I didn’t bother watching the V-P debate in 2012 (Biden-Ryan, pour mémoire) but given the peculiar nature of this election, felt that I should this one, so caught it on YouTube this Wednesday morning. It was the first time I’d seen Mike Pence apart from a couple of minutes of his remarks when Trump announced his pick (and leaving the press conference as Pence began to speak). Tim Kaine I’d seen only a couple of times, one being his great speech when Clinton rolled out his nomination, so had a positive impression of him. The early consensus among pundits is that Pence “won” the debate and Kaine “lost” it, and with instant polls apparently giving Pence the advantage. N’importe quoi. Neither won nor lost. Both men did what they had to do. I thought Kaine was very good; he was articulate, crisp, and sharp, and didn’t miss a beat. Certain pundits tweeted—I didn’t keep track of who said what—that he was “over-rehearsed,” “tense,” kept repeating his “talking points” (whatever the hell a “talking point” is), blah blah. The degré zéro of instant punditry. Kaine’s two-part mission in the debate was to promote Hillary to the hilt and tear down Trump, doing the latter by repeating several times the gross, outrageous, racist, sexist statements Trump has made about women, Mexicans, blacks, the handicapped, and other groups. Gotta keep reminding people of that, including Pence and Republicans, and not let it go. I thought Kaine succeeded in all this. However… he undermined himself by continually interrupting Pence, particularly during the first third of the debate. It was irritating. At one point I blurted out to him, via the computer screen, “shut up! let him finish!” Pence also started to interrupt as the debate progressed and with Kaine doing it less, but as first impressions are invariably the ones that stick, Kaine will be seen as the main interrupter, which never helps. This is not to say that he “lost” the debate, just that he by no means “won” it.
As for Pence, he was good on form: calm and generally collected, i.e. the anti-Trump. And while he repeatedly shook his head when Kaine reminded him of Trump’s words—all 100% true—his body language was not off-putting IMO. On substance, he was a mix of langue de bois, untruths, and Republican hot air. Mainstream Republican voters were surely happy with what they saw, and with the party establishment certainly regretting that he’s not the one at the top of the ticket. It was almost breathtaking how Pence both denied that Trump had said things that had indeed said and refrained from defending him at several points, and, moreover, taking positions on foreign policy that Trump has never expressed. E.g. Pence, expressing consternation over Aleppo, said that “what America ought to do right now is immediately establish safe zones” in Syria to which the “vulnerable” and “families with children” could move to, that the “provocations by Russia need to be met with American strength,” and that “the United States of America should be prepared to use military force to strike military targets of the Assad regime, to prevent them from this humanitarian crisis that is taking place in Aleppo…”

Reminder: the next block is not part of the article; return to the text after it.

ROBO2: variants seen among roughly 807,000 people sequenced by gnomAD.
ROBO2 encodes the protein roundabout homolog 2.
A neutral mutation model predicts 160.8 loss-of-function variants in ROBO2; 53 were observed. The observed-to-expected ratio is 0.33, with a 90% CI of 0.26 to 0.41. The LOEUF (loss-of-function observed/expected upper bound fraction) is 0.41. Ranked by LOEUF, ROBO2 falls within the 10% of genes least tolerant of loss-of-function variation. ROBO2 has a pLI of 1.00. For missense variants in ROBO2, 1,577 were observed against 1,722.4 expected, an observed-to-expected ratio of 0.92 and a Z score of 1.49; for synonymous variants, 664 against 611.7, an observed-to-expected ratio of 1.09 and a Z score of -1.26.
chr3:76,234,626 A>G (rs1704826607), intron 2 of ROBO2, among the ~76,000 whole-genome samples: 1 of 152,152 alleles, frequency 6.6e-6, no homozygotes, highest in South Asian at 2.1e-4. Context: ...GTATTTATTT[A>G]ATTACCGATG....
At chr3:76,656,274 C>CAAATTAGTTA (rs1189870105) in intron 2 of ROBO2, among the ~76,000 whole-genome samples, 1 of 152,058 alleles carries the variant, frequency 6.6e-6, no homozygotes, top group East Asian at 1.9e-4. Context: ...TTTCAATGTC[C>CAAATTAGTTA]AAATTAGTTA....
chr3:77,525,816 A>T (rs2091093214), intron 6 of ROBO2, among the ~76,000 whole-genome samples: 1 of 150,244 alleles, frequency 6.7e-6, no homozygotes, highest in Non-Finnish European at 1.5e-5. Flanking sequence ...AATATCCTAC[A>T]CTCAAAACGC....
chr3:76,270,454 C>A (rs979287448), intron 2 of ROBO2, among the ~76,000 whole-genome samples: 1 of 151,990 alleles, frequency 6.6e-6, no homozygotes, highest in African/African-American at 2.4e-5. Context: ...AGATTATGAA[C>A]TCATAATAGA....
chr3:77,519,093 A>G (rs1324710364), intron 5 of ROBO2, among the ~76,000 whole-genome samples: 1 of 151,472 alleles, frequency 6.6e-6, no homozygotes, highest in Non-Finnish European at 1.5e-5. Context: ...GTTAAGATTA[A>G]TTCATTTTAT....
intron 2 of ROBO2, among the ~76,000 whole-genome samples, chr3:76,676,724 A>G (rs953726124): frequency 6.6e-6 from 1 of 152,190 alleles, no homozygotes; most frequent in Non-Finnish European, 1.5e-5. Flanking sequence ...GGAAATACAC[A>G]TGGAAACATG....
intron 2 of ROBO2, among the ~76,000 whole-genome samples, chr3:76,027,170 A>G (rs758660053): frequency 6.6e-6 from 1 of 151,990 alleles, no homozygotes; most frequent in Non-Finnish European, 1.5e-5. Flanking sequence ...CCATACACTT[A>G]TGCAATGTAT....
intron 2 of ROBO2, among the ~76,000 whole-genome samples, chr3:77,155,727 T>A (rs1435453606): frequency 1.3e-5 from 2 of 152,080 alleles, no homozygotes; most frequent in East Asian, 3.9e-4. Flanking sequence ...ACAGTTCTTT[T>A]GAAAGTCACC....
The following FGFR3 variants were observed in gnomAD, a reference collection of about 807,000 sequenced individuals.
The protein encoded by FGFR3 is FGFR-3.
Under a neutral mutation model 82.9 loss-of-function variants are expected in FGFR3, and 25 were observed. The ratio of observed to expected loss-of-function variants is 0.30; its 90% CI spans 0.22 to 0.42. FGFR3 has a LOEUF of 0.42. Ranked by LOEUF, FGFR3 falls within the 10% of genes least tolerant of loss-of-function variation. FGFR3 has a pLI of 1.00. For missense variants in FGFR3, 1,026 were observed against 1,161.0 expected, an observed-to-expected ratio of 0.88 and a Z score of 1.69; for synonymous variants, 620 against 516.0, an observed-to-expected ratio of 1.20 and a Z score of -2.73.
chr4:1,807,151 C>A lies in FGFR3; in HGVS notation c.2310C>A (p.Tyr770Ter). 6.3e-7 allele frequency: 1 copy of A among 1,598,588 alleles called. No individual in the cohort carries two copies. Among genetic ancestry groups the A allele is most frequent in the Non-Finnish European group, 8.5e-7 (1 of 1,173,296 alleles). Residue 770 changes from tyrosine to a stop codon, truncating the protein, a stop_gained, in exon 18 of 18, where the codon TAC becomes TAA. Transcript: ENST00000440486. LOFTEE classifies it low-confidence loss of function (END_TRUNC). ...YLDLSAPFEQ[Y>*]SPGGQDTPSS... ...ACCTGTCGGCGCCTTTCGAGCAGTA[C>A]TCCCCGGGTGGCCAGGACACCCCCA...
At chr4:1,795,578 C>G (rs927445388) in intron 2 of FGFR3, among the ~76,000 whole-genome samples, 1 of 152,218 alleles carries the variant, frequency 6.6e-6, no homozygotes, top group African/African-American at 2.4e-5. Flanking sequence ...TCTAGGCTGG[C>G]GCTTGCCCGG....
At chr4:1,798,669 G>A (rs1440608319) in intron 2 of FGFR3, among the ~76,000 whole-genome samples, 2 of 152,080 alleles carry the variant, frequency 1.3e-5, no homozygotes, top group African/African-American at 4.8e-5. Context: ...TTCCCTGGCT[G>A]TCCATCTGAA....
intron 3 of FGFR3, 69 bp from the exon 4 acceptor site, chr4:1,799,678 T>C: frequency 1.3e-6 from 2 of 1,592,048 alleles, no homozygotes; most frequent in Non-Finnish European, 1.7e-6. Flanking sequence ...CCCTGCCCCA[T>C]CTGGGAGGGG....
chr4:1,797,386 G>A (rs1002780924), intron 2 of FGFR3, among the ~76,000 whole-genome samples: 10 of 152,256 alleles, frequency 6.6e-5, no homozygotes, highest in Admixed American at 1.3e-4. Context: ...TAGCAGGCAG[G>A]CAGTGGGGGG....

Wow! Has Donald Trump ever so much as hinted at any of this? Even indirectly? And the bit about “deploy[ing] a missile defense shield to the Czech Republic and Poland”? Has Trump even mentioned those countries during the campaign, let alone a missile defense shield? This is Pence’s policy—and the establishment GOP’s—not that of the party’s candidate. Really too bad Kaine didn’t point this out, or ask Pence about it. A golden opportunity missed.
The American “deep state” will be reassured, that’s for sure. Pence is a mainstream conservative Republican, a Ted Cruz on Valium. If Trump wins the election and, heaven forbid, something happens to him—suivez mon regard—Pence will be, for the “deep state,” perfectly acceptable in the Oval Office. And the congressional GOP will be aux anges.
As for the rest of us, ce sera le cauchemar…
The bottom line: neither candidate moved a single vote. Both were speaking to their respective party’s base and shoring it up. And both no doubt succeeded. They did what they had to do.
And what they did will all be forgotten after Sunday’s town hall debate between Clinton and Trump, which will be a doozy, sans aucun doute.
A few good instant analyses I’ve come across:
Jamelle Bouie in Slate, “This wasn’t a debate. This was a national gaslighting: If Mike Pence ‘won,’ it’s because he was shameless about denying reality.”
David Corn in Mother Jones, “Mike Pence and the failure of the Republican establishment: In their hearts, they know they are wrong.”
Kevin Drum, also in MoJo, “Mike Pence lied constantly last night. So how can he be the winner of the debate?”
Joan Walsh in The Nation, “Tim Kaine rubbed Mike Pence’s nose in Trump’s crazy: Kaine interrupted his way to the truth at the vice-presidential debate.”
Paul Waldman in The Washington Post, “When 2016 is over, the GOP will pretend Donald Trump never existed.”
UPDATE: Voilà a few more good commentaries:
Adam Gopnik in The New Yorker, “Mike Pence, dancing with Trump: In the Vice-Presidential debate, Pence demonstrated the scale of the denial and self-delusion of those aligned with Donald Trump.”
Jonathan Chait in New York magazine, “Mike Pence lost the debate because he lied about the wrong stuff: Never lie about statements that are on video.” À propos, check out the great attack ad (in the article) that the Clinton campaign rolled out shortly after the debate.
Mark Joseph Stern in Slate, “Mike Pence is a coward and an extremist: He’s the perfect face of the GOP.”